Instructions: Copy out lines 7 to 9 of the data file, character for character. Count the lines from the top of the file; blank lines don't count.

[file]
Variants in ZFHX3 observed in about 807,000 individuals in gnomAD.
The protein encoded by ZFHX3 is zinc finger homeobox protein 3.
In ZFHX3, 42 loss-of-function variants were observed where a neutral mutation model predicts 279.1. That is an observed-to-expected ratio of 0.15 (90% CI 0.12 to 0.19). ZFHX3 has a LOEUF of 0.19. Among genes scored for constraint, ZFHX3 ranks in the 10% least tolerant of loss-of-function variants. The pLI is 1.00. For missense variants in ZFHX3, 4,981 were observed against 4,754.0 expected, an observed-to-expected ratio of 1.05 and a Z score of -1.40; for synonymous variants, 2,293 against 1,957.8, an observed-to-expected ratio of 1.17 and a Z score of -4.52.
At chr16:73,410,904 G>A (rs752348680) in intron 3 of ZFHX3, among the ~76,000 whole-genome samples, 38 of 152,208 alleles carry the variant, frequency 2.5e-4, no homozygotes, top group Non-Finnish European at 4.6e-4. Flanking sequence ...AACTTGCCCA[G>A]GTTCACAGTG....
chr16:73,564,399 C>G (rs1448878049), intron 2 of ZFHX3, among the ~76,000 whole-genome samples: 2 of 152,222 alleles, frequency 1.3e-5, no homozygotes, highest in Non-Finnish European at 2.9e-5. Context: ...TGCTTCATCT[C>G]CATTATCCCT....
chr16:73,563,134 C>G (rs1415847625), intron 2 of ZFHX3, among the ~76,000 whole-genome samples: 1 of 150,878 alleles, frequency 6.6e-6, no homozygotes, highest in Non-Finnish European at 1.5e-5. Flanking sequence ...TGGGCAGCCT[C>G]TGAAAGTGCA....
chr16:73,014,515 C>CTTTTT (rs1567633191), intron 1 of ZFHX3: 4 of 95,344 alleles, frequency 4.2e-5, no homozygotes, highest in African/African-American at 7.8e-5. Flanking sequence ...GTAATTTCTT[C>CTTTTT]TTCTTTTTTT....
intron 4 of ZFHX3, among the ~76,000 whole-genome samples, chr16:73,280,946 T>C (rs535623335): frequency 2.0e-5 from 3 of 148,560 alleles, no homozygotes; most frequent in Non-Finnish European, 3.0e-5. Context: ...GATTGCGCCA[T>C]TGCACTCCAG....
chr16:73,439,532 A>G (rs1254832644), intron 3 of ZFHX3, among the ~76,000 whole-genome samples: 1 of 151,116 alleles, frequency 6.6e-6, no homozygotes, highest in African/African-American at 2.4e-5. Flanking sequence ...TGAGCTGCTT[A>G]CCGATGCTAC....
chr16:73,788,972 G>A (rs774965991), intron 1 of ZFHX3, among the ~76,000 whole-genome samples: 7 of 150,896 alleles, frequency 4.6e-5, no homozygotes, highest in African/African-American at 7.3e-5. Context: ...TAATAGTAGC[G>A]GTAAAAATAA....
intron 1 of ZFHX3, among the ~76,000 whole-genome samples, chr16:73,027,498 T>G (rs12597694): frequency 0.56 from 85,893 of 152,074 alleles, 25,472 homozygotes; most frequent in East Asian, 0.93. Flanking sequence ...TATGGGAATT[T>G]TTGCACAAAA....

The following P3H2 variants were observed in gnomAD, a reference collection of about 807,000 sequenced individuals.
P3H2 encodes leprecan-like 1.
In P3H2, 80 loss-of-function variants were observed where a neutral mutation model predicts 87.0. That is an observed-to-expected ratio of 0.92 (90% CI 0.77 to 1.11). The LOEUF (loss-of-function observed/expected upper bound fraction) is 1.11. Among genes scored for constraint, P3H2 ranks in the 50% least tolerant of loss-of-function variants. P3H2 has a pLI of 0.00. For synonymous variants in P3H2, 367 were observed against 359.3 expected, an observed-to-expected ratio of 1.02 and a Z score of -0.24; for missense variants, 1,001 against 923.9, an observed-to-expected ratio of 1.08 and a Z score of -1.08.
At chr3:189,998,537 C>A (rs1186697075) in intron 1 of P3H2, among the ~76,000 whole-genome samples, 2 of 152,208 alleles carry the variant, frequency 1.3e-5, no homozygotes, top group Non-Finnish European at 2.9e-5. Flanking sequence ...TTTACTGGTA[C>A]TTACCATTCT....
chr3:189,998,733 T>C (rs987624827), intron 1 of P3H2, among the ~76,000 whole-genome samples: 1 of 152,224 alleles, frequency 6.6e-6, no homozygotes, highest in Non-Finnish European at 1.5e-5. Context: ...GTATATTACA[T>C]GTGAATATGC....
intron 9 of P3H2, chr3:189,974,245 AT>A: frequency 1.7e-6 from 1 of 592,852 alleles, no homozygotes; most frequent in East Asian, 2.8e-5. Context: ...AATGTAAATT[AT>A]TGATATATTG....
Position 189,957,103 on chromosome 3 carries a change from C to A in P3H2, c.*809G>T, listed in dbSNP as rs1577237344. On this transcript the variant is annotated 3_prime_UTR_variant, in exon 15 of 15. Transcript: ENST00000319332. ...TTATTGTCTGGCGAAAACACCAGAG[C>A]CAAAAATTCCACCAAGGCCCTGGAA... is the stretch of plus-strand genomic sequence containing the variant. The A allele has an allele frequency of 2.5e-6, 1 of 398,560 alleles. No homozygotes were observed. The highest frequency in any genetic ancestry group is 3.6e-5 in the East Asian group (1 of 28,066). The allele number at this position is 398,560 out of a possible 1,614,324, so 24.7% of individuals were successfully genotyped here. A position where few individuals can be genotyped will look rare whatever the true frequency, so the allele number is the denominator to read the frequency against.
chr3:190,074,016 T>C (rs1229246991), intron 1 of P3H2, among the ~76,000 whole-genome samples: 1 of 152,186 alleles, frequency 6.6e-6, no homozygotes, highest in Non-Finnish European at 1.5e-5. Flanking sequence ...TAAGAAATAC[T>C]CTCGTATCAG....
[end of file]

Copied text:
chr16:73,014,515 C>CTTTTT (rs1567633191), intron 1 of ZFHX3: 4 of 95,344 alleles, frequency 4.2e-5, no homozygotes, highest in African/African-American at 7.8e-5. Flanking sequence ...GTAATTTCTT[C>CTTTTT]TTCTTTTTTT....
intron 4 of ZFHX3, among the ~76,000 whole-genome samples, chr16:73,280,946 T>C (rs535623335): frequency 2.0e-5 from 3 of 148,560 alleles, no homozygotes; most frequent in Non-Finnish European, 3.0e-5. Context: ...GATTGCGCCA[T>C]TGCACTCCAG....
chr16:73,439,532 A>G (rs1254832644), intron 3 of ZFHX3, among the ~76,000 whole-genome samples: 1 of 151,116 alleles, frequency 6.6e-6, no homozygotes, highest in African/African-American at 2.4e-5. Flanking sequence ...TGAGCTGCTT[A>G]CCGATGCTAC....